Andy Griffith: Before Mayberry, A Movie Monster


25 Responses to “Andy Griffith: Before Mayberry, A Movie Monster”

  1. He did some dark roles later in his career (including some creepy villains) but nothing to match Lonesome Rhodes.  It’s a pity this movie is so little known considering that there are way too many real-life Rhodes types out there now.  

  2. Gyrofrog says:

    As I mentioned in the other thread, the DVD extras allow one to hear/see Andy say “fuck”. Man did I feel all grown up after that…

  3. ab167 says:

    I came home planning to look this film up after hearing about it on NPR today. I’ll definitely be seeking it out after watching this trailer.

  4. The best movie in the world!
    He also played a small but very funny part in “Daddy and Them” with bb.thorton.

    • Nagurski says:

       ‘Daddy and Them’ is actually the best movie in the world since John Prine is also in it. It’s a pretty funny movie, and besides it just made me giggle to hear ‘Ange’ say words like cornhole.

  5. BDiamond says:

    I was unaware of this film until I saw it on TCM about three years ago. WOW! I had to completely re-evaluate my opinion of Andy Griffith. Truly his first role was his best role, ever.

  6. Roy Trumbull says:

    I saw this when it came out. It’s a favorite. When he begins to wield power the right-wing can’t suck up to him fast enough. True then; true now.

  7. Geoduck says:

    Griffith commented that his avoiding such roles in his later career was no accident; he felt that playing Rhodes took him to some dark places that he preferred to avoid.

  8. I remember seeing Murder in Coweta  County when I was 13 and being disturbed at seeing Andy Griffith being evil.

  9. woollywumble says:

    I grew up loving Ange and Mayberry and only discovered “A Face in the Crowd” a few years ago.  I grabbed everybody I knew and made them watch it.  Everything Andy does in this film is so believable and true, it is hard to believe that they would have given him the part of the sheriff of Mayberry after seeing Lonesome Rhodes–Barney wouldn’t have lasted long in Lonesome’s entourage.

  10. lakelady says:

    Set your DVRs, TCM is broadcasting it at 1:45 AM on Friday. I don’t know if this is Eastern time or if TCM changes in differing time zones so check your listings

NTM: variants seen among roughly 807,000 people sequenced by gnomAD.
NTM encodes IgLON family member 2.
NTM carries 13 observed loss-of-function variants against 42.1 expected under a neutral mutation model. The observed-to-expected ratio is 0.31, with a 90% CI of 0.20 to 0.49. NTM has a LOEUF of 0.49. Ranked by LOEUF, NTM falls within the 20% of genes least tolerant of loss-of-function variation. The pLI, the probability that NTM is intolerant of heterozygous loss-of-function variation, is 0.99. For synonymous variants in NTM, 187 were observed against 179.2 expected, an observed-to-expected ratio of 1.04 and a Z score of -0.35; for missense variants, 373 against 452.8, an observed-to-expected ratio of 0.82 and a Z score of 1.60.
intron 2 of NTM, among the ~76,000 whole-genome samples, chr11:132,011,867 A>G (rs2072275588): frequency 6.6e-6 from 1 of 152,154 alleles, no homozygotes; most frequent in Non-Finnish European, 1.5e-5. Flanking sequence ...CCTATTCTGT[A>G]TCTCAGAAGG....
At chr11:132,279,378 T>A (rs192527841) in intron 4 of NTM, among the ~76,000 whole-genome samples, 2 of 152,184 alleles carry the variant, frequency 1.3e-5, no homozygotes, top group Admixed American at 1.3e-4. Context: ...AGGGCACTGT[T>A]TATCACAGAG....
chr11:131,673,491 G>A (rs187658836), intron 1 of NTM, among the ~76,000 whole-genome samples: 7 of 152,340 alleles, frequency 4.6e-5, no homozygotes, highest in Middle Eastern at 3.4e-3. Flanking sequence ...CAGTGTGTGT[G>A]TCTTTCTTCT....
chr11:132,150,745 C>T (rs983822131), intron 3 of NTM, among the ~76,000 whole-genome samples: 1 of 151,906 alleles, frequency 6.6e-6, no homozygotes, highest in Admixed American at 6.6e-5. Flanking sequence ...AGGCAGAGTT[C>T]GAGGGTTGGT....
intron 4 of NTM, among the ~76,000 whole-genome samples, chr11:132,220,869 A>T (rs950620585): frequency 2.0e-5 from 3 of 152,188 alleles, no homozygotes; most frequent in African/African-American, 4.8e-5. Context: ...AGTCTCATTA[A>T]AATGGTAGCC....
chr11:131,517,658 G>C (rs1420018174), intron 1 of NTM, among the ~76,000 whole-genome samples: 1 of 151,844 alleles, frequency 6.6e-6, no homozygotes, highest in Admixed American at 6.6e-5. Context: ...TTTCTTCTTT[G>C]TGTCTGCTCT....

11. I had a fantastic PoliSci professor who realized after many years of delivering lectures that students remembered films they saw better than lectures he gave, and so, after telling us during our first meeting to return our text book, he promptly loaded this film into the DVD machine and told us it was better than the first chapter on the electoral process. The second film he showed us, to illustrate media in politics, was Network. Both films still hold up well, but this one definitely affected my view of Andy Griffith and concept of Americana. 

    • penguinchris says:

      Network is much more famous, perhaps largely because of the line “I’m mad as hell, and I’m not going to take it anymore”, but I don’t think it’s held up very well.

      A lot of it – maybe 2/3 – is excellent, especially most of the acting, but the rest includes a lot of really heavy-handed satire that felt really trite and near-unwatchable to me (not to mention out of line with the tone of the rest of the film). I mean I realize the whole thing is satire, but it combines what you might call “serious” satire (the successful part of the film) with silly satire along the lines of Woody Allen’s earliest films. The silly stuff is what doesn’t hold up (Allen’s early films are a mixed bag there too, but generally hold up well).

      A Face in the Crowd is such a great, important film because there’s really nothing that doesn’t hold up. There’s nothing to roll your eyes at – it’s transfixing all the way through. And when it hits you that nothing has changed, and politics is essentially the same today, it’s really unsettling. In that way it’s actually gotten better over time.